Nigro noted that the uncovered Temple of Astarte is orientated south-southwest where the planet Venus, associated with the goddess Astarte/Aphrodite, rises in summer and the niche, which would have housed the likeness of the goddess, is on the northern side of the temple, orientated towards the nearby Mount Eryx, the location of a renowned temple of Astarte/Aphrodite/Venus, mentioned by Cicero for its wealth and sacred prostitution.
The third temple, the Sanctuary of the Holy Waters located on the western side, was associated with the sunset and the netherworld, said Nigro.
As Nigro describes it, the statue of Ba’al would have watched over the sacred pool as it served as a surface for observing and mapping the movement of the stars based on the alignment of structure and features position around the sacred enclosure.
In 2019 they placed a replica of the statue at the center of the pool to recreate the visual impression that might have been experienced by an inhabitant of ancient Motya.
Motya, today called San Pantaleo, was the site of a flourishing settlement during the Bronze and Iron Ages. The island was rich with natural resources, including salt, fish and fresh water, and offered a well-protected harbor at a strategic location between North Africa, Iberia and Sardinia. From the second millennium BCE onwards, it attracted people from across the Mediterranean.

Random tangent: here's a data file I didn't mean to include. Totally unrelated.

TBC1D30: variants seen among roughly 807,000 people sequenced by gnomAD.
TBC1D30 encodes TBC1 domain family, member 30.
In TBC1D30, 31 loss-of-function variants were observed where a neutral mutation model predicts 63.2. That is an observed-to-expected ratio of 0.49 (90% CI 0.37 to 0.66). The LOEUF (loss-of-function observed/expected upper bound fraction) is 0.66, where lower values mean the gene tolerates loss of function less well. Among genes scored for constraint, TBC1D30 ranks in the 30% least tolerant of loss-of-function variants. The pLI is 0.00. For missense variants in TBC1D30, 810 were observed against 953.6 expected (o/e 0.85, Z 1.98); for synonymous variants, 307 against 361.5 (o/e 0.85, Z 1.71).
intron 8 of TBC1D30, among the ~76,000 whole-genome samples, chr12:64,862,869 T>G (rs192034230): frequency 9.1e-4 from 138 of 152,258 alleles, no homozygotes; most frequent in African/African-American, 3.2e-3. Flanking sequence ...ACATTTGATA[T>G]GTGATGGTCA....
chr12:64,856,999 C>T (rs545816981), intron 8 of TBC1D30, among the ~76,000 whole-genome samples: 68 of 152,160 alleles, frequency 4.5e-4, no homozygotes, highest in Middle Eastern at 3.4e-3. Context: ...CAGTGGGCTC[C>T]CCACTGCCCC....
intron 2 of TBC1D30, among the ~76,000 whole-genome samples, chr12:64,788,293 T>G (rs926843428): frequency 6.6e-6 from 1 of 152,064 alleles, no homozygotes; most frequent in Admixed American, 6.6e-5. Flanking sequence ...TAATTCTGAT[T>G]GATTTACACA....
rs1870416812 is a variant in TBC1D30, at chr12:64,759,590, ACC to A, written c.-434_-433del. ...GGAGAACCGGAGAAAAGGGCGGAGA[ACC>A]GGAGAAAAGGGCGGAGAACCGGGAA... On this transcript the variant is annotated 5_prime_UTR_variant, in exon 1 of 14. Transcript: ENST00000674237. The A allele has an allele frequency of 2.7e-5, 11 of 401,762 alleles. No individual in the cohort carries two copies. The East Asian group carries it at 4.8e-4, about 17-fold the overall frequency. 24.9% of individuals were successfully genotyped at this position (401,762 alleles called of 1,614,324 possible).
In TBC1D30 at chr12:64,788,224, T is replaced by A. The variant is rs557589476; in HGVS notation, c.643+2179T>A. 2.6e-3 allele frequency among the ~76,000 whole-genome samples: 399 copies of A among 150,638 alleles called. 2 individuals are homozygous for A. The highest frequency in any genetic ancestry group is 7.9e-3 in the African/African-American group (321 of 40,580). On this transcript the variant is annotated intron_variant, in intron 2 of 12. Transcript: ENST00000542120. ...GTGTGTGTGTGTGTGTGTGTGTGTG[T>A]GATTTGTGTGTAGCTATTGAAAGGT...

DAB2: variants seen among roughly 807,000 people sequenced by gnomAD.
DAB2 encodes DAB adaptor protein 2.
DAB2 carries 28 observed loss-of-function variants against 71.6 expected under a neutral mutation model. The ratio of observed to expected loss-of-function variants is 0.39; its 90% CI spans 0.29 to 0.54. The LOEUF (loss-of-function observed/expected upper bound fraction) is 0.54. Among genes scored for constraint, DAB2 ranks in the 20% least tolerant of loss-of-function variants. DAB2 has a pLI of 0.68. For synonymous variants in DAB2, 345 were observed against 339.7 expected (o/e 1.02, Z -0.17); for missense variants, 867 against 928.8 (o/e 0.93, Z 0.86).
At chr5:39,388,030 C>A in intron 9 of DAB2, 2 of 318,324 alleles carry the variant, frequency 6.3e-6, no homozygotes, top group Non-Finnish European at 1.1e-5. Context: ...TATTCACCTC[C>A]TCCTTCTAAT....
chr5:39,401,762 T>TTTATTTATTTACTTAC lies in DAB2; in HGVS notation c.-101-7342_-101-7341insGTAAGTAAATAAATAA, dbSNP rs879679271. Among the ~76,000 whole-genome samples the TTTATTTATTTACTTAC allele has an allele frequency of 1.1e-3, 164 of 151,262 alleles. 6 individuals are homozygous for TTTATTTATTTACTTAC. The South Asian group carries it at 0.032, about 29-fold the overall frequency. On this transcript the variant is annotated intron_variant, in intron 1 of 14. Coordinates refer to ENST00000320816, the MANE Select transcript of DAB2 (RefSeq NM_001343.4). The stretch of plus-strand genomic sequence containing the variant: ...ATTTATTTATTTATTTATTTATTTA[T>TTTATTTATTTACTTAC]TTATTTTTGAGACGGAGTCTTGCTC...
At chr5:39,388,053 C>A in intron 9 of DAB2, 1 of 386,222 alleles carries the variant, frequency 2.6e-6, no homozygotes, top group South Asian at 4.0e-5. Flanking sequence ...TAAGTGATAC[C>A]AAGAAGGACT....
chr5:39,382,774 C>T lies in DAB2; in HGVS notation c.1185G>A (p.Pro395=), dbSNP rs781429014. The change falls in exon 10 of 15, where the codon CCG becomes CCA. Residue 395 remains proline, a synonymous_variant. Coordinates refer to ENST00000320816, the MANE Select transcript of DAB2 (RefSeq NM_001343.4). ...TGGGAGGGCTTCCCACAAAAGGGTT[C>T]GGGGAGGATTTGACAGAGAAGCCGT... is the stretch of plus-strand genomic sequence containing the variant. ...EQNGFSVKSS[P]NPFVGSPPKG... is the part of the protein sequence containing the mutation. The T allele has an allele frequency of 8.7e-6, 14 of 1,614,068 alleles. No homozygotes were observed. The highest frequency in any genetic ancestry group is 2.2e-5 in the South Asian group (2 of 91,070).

Nigro explained that around the beginning of the eighth century BCE Phoenician settlers arrived on Motya, integrating with the local population who were later known as Elymians, and giving rise to a distinctive West Phoenician cultural identity.
By the seventh century BCE, the settlement had developed into an important port-city, with a wide exchange network across the Central and Western Mediterranean. As a result, Motya soon came into conflict with Carthage, the rising power on the opposite side of the Strait of Sicily, on the North African coast, and towards the middle of the sixth century BCE, Carthaginian forces led by General Malco destroyed Motya.
The city swiftly recovered, however, building an impressive city wall which was one of the earliest such structures in the central Mediterranean. In addition, said Nigro, other monumental constructions within the city at this time included two major religious areas, one to the north and one to the south, suggesting that the city had strengthened its status as a central Mediterranean counterpart to Carthage.